The Cycle of Prosperity – YouTube.
Month: May 2014
I used my new macro lens extender, the Canon 70-300mm lens, a tripod, and DSLR Controller from Chainfire*, and post processing in Lightroom 5 to create this photo.
note DSLR Controller requires a USB “on the go” cable adapter to hook up to your Android device’s USB port.
Full size image here, warning: large
Crop Factor with ISO & Aperture: How Sony, Olympus & Panasonic Cheat You
Here’s my PSA for today – if you buy one of those small sensor mirror less digital cameras or any other crop factor sensor camera then you really need to pay attention to the math & logic in this video before you buy any expensive lenses. If you don’t you can get really screwed.
Crop Factor with ISO & Aperture: How Sony, Olympus & Panasonic Cheat You – YouTube.
Test of an Animated GIF
Intensity of Tropical Cyclones Shifting Poleward: New Study in Nature
Tropical expansion, most likely due to anthropogenic global warming, is causing hurricanes and cyclones to stray further from the equator in both hemispheres. The consequences of the Northward drift in the Americas and Asia could be huge as hurricanes and associated tropical storms will be more likely to hit the heavily populated US Eastern seaboard and high population coasts in China and Japan more often. New York better prepare for future storms like Sandy in other words.
According to the study, the latitude at which tropical cyclones reach their greatest intensity is gradually shifting from the tropics toward the poles at rates of about 33 to 39 miles per decade.
The new study was led by Jim Kossin, a National Oceanic and Atmospheric Administration (NOAA) National Climatic Data Center scientist stationed at the University of Wisconsin-Madison’s Cooperative Institute for Meteorological Satellite Studies.
The research documents a poleward migration of storm intensity in both the Northern and Southern Hemispheres through an analysis of 30 years of global historical tropical cyclone data.
More: Intensity of Tropical Cyclones Shifting Poleward: Study
More regarding this study from Andrew Freedman at Mashable:
The new study examines a metric known as a storm’s “lifetime-maximum intensity” during the period from 1982 to 2012, which is a timeframe that is not complicated by changes in storm observations. The metric refers to the point where storms max out in strength.
By examining storm data using this metric, the researchers found a strikingly apparent poleward shift in the locations where storms are reaching their peak intensity. Although the changes varied from ocean basin to ocean basin, with the greatest migration seen in the western North Pacific Ocean, which is the most active area for tropical cyclones, the shift was found in both the Northern and Southern Hemispheres.
In the Northern Hemisphere, the lifetime-maximum intensity point is moving north at 33 miles per decade, whereas in the Southern Hemisphere, that point is moving south at 39 miles per decade.
Also note that the full data set on storm tracks is here, however the earlier parts of last century’s data is less reliable, which is why the paper is based on more recent storm data.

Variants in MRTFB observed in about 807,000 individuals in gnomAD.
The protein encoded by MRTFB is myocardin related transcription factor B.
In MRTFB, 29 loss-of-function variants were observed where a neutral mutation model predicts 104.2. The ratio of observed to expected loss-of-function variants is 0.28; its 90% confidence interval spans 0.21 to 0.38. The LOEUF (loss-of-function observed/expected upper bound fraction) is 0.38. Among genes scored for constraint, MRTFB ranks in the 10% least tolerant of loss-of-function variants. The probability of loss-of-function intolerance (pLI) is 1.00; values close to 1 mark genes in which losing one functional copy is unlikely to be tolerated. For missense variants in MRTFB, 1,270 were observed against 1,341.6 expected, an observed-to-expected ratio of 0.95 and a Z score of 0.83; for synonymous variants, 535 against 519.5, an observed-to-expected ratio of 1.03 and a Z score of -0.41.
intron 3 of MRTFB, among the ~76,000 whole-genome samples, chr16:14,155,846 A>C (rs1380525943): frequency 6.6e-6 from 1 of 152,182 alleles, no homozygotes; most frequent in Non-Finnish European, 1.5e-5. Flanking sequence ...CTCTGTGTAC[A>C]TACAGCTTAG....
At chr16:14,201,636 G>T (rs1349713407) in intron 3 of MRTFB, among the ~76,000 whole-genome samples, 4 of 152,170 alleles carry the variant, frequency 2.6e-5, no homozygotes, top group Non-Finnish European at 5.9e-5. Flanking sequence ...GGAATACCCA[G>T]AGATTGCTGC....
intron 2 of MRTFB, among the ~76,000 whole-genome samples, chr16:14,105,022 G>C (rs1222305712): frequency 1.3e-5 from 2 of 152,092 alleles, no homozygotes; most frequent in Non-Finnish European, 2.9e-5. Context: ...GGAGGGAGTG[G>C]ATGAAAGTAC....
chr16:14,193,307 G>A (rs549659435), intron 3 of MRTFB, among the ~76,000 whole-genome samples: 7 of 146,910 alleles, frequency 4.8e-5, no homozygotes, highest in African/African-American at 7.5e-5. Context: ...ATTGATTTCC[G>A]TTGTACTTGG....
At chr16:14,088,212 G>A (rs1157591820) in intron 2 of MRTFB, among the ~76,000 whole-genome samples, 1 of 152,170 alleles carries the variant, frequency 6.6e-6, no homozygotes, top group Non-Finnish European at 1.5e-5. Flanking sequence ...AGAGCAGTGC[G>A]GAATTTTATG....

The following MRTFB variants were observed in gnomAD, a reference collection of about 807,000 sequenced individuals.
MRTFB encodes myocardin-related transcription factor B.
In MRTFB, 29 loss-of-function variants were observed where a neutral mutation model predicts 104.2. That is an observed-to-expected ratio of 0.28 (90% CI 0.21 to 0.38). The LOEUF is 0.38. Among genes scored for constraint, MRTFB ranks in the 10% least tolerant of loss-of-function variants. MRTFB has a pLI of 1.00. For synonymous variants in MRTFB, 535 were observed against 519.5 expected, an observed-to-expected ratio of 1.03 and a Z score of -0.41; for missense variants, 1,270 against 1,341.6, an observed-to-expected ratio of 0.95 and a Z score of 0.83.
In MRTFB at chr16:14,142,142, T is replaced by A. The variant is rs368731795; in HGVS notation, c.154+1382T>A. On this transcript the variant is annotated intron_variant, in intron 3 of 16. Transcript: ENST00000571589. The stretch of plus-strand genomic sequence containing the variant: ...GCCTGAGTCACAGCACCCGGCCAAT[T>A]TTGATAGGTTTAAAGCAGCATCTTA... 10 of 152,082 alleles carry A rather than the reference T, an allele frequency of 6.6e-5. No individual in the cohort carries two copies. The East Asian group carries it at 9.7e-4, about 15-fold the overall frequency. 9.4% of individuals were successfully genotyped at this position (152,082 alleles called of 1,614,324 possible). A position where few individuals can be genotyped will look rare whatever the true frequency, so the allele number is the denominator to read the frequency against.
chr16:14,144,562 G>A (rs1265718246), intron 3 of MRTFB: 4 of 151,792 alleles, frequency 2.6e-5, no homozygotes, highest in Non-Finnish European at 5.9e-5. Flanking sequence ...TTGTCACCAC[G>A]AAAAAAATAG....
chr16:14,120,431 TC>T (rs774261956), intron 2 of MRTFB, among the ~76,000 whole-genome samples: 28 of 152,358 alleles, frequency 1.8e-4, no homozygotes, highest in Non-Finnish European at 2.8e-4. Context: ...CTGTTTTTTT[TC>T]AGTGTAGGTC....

Securing That Internet of Things While Keeping it Useful
The other day I sat in on the The Cisco Security Grand Challenge webinar for the Internet of Things. I listened not because I am joining the very worth while challenge, but because I wanted to make sure I am in touch with the latest directions and concerns about the Internet of Things.
Some IoT changes to come are almost master-of- the-obvious apparent while others are so complex that almost all predictions will fail. We are standing on the verge of tremendous change – the Internet of Things is exploding – e.g. in my household we’ve grown from 5 things on the internet to over 20 in just the past two years, and projections are that within ten years +50 billion devices will be connected.
During the webinar I found that their concerns match many of mine however so that was good news. As we progress into the new personal and business M2M universe of smart devices with smart sensors we will discover that they need to rely on being able to network both with the cloud and each other to compare notes and to gain and share user context. They will need to do this to make intelligent decisions and recommendations for us and to power our applications to do so as well.
So how the heck do you make that secure while keeping it easy to use? How do you keep the code open, and how do you patch code in a world of critical devices like autonomous cars and pacemakers that we also cannot afford to have exploitable by hackers?
How do we keep the devices flexible and tailored to individual or business needs while also keeping them hardened? What happens if an autonomous car gets fed tire sensor data that makes it think it had a flat when it’s rolling down the freeway? How can you prevent that? What about battlefield robots, who should they trust & how is that trust established?
When your devices have to talk about you how do we keep your data private, and when we do have to share to the cloud, how do we keep it anonymized?
How do we recognize just your devices, how do we keep your cloud of things discrete from your neighbor’s cloud of things? How do we hand you the keys, but keep your neighbor locked out?
These are the very serious technical challenges of the next few years since they internet of things will have +50 billion devices connected within ten years.